Where the Word Soccer Comes From
I have two soccer-playing daughters and one of them has an out-of-town soccer tournament this weekend. That means I’m writing from a hotel room. It also means I’m contemplating the word soccer and why we are the only country in the world that doesn’t call the game football. It certainly seems to be an appropriate name. I’ve thought it would make more sense to call soccer football, and what we call football something like tackleball or smashball. But no one’s asking me.
Still, I get my hackles up when people suggest that we Americans are stupid, or even somehow arrogant, for using the word soccer when everyone else says football.
The irony is that the English were the first to call the game soccer. While we were killing each other during our Civil War, the English were being far more productive, establishing the first official rules of football, and forming what came to be known as the Football Association.
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Association football became a common term when it was necessary to distinguish it from rugby football.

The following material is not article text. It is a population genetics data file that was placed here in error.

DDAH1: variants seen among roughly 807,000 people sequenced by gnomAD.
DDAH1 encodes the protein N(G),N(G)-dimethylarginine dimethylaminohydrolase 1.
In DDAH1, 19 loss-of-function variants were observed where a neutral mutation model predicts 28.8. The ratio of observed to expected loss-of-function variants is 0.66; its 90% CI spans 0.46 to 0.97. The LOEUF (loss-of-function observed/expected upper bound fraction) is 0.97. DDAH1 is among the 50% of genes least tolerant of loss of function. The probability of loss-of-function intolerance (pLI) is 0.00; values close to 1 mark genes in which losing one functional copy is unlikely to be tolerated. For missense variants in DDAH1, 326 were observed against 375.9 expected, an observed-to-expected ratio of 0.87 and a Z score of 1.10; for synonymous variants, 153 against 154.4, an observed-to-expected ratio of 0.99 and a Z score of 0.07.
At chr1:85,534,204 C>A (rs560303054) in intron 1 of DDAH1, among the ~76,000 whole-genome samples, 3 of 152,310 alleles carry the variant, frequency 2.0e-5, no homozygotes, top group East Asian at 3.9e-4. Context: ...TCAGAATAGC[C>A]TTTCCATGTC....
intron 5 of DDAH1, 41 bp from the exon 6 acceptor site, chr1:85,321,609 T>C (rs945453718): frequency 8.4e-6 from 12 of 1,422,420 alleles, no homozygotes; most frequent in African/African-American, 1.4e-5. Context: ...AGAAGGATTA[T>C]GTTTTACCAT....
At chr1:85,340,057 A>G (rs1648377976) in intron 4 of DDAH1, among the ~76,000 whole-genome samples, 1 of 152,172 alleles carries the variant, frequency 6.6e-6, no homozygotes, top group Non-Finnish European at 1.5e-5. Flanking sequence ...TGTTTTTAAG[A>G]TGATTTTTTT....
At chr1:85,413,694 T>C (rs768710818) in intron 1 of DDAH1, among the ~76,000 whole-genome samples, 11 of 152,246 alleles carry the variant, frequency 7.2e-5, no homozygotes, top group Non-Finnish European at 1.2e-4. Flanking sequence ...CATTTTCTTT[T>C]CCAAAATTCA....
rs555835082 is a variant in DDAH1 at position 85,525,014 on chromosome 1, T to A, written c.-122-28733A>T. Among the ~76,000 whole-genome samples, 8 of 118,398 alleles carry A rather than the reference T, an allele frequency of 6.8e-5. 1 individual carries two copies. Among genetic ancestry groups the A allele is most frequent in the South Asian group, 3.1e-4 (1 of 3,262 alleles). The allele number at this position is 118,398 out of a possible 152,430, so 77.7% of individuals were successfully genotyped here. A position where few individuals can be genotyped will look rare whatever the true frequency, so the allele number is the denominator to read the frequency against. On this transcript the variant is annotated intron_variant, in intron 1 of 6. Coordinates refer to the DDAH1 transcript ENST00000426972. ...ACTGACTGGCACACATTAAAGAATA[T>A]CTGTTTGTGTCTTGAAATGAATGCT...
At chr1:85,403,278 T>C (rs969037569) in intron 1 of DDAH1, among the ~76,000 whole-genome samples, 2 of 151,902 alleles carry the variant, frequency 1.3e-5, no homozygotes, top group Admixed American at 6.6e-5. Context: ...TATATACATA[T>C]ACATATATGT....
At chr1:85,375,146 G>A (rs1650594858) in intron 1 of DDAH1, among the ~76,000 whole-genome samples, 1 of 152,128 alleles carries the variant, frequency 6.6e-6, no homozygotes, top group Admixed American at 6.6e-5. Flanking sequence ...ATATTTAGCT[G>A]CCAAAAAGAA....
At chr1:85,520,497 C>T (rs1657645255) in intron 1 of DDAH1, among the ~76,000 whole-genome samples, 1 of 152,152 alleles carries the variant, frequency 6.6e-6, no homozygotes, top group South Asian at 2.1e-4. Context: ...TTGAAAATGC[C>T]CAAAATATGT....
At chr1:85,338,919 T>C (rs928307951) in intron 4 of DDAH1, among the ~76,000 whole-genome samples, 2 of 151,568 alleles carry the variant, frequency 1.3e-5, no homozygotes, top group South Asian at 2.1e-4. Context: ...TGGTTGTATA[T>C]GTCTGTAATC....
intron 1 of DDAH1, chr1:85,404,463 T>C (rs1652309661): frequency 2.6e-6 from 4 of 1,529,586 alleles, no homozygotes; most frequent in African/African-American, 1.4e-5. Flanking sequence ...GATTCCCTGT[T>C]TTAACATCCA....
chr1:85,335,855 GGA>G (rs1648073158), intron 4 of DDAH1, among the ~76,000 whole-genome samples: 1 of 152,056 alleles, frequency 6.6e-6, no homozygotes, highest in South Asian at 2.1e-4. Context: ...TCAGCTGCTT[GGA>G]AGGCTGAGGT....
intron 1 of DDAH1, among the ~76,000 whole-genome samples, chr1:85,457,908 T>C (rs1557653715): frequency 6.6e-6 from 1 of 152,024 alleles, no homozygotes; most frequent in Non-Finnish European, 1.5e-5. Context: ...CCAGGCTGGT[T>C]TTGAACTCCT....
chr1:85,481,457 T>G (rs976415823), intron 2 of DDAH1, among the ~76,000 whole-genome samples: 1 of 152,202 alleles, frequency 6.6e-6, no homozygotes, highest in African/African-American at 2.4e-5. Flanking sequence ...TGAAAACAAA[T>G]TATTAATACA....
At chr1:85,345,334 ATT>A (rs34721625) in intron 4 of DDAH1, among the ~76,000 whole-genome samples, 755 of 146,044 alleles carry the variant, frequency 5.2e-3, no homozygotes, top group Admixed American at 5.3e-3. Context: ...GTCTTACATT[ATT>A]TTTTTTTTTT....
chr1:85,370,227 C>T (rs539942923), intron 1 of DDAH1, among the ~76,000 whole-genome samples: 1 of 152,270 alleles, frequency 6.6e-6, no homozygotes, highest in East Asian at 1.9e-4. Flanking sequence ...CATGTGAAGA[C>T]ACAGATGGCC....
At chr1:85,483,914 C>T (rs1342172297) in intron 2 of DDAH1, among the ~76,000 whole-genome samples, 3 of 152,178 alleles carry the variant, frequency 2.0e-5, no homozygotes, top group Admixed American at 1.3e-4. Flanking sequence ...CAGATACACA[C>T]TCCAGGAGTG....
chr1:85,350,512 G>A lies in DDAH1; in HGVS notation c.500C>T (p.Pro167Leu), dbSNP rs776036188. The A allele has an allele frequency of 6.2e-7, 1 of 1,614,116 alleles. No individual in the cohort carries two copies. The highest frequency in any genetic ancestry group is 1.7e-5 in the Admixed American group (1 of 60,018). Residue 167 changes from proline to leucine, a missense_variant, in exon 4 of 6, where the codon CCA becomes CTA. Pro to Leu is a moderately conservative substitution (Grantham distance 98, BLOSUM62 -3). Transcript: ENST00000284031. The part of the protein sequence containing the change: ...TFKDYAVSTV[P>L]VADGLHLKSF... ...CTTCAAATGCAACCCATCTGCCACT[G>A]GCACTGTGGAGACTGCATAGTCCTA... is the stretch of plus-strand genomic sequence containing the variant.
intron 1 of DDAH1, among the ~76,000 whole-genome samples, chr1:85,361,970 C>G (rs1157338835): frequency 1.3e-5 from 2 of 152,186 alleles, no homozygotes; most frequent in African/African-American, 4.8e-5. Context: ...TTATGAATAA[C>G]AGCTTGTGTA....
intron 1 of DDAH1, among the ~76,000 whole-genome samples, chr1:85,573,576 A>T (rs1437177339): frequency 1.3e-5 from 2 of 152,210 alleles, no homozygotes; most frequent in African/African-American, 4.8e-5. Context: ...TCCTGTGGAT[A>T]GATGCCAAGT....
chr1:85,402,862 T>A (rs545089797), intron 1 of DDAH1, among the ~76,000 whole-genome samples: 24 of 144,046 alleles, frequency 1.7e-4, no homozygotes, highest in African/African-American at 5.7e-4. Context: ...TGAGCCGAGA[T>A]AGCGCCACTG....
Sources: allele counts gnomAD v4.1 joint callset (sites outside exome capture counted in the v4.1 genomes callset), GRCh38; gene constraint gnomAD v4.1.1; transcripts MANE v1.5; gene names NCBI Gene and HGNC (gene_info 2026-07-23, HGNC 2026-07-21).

Soccer is a colloquial abbreviation of association, derived from the second syllable of the word. Some believe it was first shortened to assoccer” and later to the simpler soccer.
This part is only legendary, but many have it that a certain schoolboy named Charles Wereford-Brown was asked by some Oxford friends to join them in a game of “rugger” (rugby). He supposedly replied that he’d prefer a game of soccer. The name stuck, and there you have it.
What’s important to remember here is that soccer is not a crass Americanism. The word is part of the rich history of the game, and supposed aficionados who denounce it reveal only their own ignorance.